African Decentralization and Local Development Day- Declaration of UCLG Africa
“African Decentralization and Local Development Day.”
The theme adopted for this year 2016 by the African Union for the celebration of the African Decentralization and Local Development Day on 10 August is “Gender, equity, and women empowerment key for achieving African’s Agenda 2063 and the Sustainable Development Goals (SDGs)“; with as sub-themes :
– “What strategies to improve women’s representation in the various organs of their local governments?”
– “Empowerment of Rural women, critical to ending poverty and hunger in Africa.”
How to ensure the empowerment of rural women if they do not take an active part in the management of their community?How can they take part if they are not represented in the deliberative or executive bodies?And more fundamentally, how can we expect their significant contribution if they have no control over the basics of farming such as access to land, inputs and credit?
The representation of women in political and administrative bodies of local authorities has been at the center of UCLG-A’s concern for more than 5 years.It is indeed during the Africities Summit 2009 in Marrakech, Morocco that the members of our organization have instructed the Secretariat to promote the network of local elected women of Africa (REFELA) whose founding forum was held from March 08 to March 11, 2011 in Tangiers, Morocco.
Since then, the REFELA network was confirmed as the representative voice of elected women within local governments, which is increasingly heard throughout the continent as its National Chapters are being established, but also on the international scene, REFELA ensuring Africa’s representation in the Standing Committee on Gender Equality of the world organization of United Cities and Local Governments (UCLG). UCLG-A calls on the national associations of elected officials and on the ministries in charge of Local Governments to see to it that in each country a national REFELA chapter is put in place.
UCLG-A supports the idea of striving for parity in gender representation within the political and administrative bodies of local governments of Africa.UCLG-A also calls on political parties and parliaments so that voluntary action is taken and the share of women in eligible positions on candidates for local elections lists is at least 30%, so as to strive for parity during the next two terms.The example of Senegal which has adopted laws for gender parity should be pondered and imitated.
UCLG-A wishes however that players go further than that.There is no real liberation of women without economic empowerment.UCLG-A believes that local authorities have an important role to play from this standpoint.In this respect, the public procurement codes should incorporate rules of preference in the tenders of local authorities in favor of businesses run by women.Deliberate actions (affirmative action) should also be taken for the recruitment of more women in executive positions within the administrations of local authorities.UCLG-A strongly wishes that these goals be integrated among the priorities for action of national associations of local authorities as well as among the priorities of national governments who are anxious to see their public decentralization policies succeed.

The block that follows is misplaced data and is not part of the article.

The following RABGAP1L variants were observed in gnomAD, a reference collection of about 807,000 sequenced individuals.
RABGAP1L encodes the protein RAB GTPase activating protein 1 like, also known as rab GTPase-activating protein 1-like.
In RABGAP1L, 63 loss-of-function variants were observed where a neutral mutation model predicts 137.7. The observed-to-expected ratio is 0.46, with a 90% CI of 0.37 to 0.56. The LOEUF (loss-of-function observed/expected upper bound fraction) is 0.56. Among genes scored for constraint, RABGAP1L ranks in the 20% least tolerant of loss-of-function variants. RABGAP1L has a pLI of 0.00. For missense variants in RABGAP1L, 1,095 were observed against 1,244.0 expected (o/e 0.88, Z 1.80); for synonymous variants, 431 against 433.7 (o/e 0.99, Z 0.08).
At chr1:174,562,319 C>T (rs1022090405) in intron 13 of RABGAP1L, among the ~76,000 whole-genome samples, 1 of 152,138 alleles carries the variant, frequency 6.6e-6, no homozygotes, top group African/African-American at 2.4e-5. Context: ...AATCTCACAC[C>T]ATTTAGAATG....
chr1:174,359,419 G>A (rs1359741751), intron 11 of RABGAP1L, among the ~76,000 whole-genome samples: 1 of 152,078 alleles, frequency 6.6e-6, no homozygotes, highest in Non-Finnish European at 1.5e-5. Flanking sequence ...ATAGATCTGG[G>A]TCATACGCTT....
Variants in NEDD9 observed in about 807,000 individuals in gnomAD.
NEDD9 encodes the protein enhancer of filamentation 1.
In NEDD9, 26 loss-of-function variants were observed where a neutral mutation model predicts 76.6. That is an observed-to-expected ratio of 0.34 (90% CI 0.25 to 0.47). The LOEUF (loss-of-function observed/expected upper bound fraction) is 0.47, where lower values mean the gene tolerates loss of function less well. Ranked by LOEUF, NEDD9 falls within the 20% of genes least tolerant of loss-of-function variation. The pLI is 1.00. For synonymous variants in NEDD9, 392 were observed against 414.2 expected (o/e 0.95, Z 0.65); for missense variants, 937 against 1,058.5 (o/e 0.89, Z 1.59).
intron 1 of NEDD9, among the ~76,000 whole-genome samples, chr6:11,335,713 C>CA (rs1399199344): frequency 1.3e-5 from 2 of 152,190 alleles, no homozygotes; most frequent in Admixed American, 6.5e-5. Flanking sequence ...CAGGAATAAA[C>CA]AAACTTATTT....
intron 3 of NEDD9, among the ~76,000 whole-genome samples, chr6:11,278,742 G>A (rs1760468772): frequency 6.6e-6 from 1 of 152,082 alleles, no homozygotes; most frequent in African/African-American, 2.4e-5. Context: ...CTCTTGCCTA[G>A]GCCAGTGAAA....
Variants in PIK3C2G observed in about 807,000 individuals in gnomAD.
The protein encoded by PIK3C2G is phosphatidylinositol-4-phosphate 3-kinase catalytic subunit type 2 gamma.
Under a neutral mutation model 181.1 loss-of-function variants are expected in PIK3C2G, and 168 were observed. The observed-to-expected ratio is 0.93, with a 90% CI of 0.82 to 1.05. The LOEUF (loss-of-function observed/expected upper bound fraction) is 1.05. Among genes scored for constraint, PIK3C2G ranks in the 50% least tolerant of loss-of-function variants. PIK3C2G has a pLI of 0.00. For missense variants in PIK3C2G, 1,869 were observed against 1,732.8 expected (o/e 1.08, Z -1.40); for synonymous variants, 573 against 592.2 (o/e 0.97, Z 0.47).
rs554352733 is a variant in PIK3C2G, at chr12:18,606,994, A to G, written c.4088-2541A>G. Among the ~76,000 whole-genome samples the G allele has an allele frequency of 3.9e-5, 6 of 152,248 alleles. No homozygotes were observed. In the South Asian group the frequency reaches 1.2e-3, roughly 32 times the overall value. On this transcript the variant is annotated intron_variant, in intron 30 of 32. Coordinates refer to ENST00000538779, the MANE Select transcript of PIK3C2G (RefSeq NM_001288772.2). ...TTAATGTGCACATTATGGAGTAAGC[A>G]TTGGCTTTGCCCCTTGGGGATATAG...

One should also recall that in June 2014, the Heads of State and Government of the African Union have adopted an African Charter on the Values and Principles of Decentralization, Local governance and Local Development. The Charter contains useful guidelines both for the design and the implementation of the decentralization policies.Its implementation by the various African countries lays the foundations for the convergence of the decentralization policies within the continent.
Despite its interest and significance for the consolidation of democracy in African societies and for the improvement of the living conditions and living environment of the population, the Charter has so far, just over two years after its adoption, been ratified and signed by only a handful of countries whereas it takes at least 15 countries to ratify it and sign it so that it becomes an instrument of the Union.UCLG-A congratulates the States that have signed and ratified the Charter, and encourages them to complete the process by filing the instruments signed and ratified with the Commission of the African Unionthrough diplomatic channels.UCLG-A cannot sufficiently encourage national associations of local authorities of the countries that have not yet ratified it to conduct advocacy with national governments and their parliaments so that the signing and ratification process of the Charter be speeded up, if those countries and their associations of local governments are really concerned about “Gender, equity, and women empowerment key for achieving African’s Agenda 2063 and the Sustainable Development Goals (SDGs)“.
Rabat, August 1st, 2016
Jean Pierre Elong Mbassi
Secretary General, UCLG-A